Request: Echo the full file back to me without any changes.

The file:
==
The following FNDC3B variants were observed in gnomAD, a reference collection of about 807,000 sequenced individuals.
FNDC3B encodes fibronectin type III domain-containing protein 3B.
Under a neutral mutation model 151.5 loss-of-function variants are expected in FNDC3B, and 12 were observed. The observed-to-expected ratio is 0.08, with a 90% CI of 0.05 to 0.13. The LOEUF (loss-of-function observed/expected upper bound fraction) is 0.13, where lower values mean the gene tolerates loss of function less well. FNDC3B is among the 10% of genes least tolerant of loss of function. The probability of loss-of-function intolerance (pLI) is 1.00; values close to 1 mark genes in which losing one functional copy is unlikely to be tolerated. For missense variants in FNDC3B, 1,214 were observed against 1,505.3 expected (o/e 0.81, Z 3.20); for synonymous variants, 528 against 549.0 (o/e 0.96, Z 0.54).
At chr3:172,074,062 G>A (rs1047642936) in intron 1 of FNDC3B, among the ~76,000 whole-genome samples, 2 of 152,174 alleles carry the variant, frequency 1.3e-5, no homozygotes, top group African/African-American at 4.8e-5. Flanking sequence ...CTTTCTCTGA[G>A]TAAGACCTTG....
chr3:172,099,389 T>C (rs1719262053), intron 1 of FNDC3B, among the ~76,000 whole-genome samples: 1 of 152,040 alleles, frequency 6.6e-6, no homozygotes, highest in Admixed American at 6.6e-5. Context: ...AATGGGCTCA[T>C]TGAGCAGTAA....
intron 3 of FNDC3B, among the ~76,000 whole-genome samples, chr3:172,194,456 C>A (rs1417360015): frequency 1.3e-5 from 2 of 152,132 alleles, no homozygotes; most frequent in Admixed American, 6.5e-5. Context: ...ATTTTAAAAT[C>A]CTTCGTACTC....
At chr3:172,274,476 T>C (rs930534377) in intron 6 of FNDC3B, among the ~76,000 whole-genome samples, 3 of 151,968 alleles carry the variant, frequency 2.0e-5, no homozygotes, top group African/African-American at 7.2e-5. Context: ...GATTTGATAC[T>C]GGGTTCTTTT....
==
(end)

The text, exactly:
The following FNDC3B variants were observed in gnomAD, a reference collection of about 807,000 sequenced individuals.
FNDC3B encodes fibronectin type III domain-containing protein 3B.
Under a neutral mutation model 151.5 loss-of-function variants are expected in FNDC3B, and 12 were observed. The observed-to-expected ratio is 0.08, with a 90% CI of 0.05 to 0.13. The LOEUF (loss-of-function observed/expected upper bound fraction) is 0.13, where lower values mean the gene tolerates loss of function less well. FNDC3B is among the 10% of genes least tolerant of loss of function. The probability of loss-of-function intolerance (pLI) is 1.00; values close to 1 mark genes in which losing one functional copy is unlikely to be tolerated. For missense variants in FNDC3B, 1,214 were observed against 1,505.3 expected (o/e 0.81, Z 3.20); for synonymous variants, 528 against 549.0 (o/e 0.96, Z 0.54).
At chr3:172,074,062 G>A (rs1047642936) in intron 1 of FNDC3B, among the ~76,000 whole-genome samples, 2 of 152,174 alleles carry the variant, frequency 1.3e-5, no homozygotes, top group African/African-American at 4.8e-5. Flanking sequence ...CTTTCTCTGA[G>A]TAAGACCTTG....
chr3:172,099,389 T>C (rs1719262053), intron 1 of FNDC3B, among the ~76,000 whole-genome samples: 1 of 152,040 alleles, frequency 6.6e-6, no homozygotes, highest in Admixed American at 6.6e-5. Context: ...AATGGGCTCA[T>C]TGAGCAGTAA....
intron 3 of FNDC3B, among the ~76,000 whole-genome samples, chr3:172,194,456 C>A (rs1417360015): frequency 1.3e-5 from 2 of 152,132 alleles, no homozygotes; most frequent in Admixed American, 6.5e-5. Context: ...ATTTTAAAAT[C>A]CTTCGTACTC....
At chr3:172,274,476 T>C (rs930534377) in intron 6 of FNDC3B, among the ~76,000 whole-genome samples, 3 of 151,968 alleles carry the variant, frequency 2.0e-5, no homozygotes, top group African/African-American at 7.2e-5. Context: ...GATTTGATAC[T>C]GGGTTCTTTT....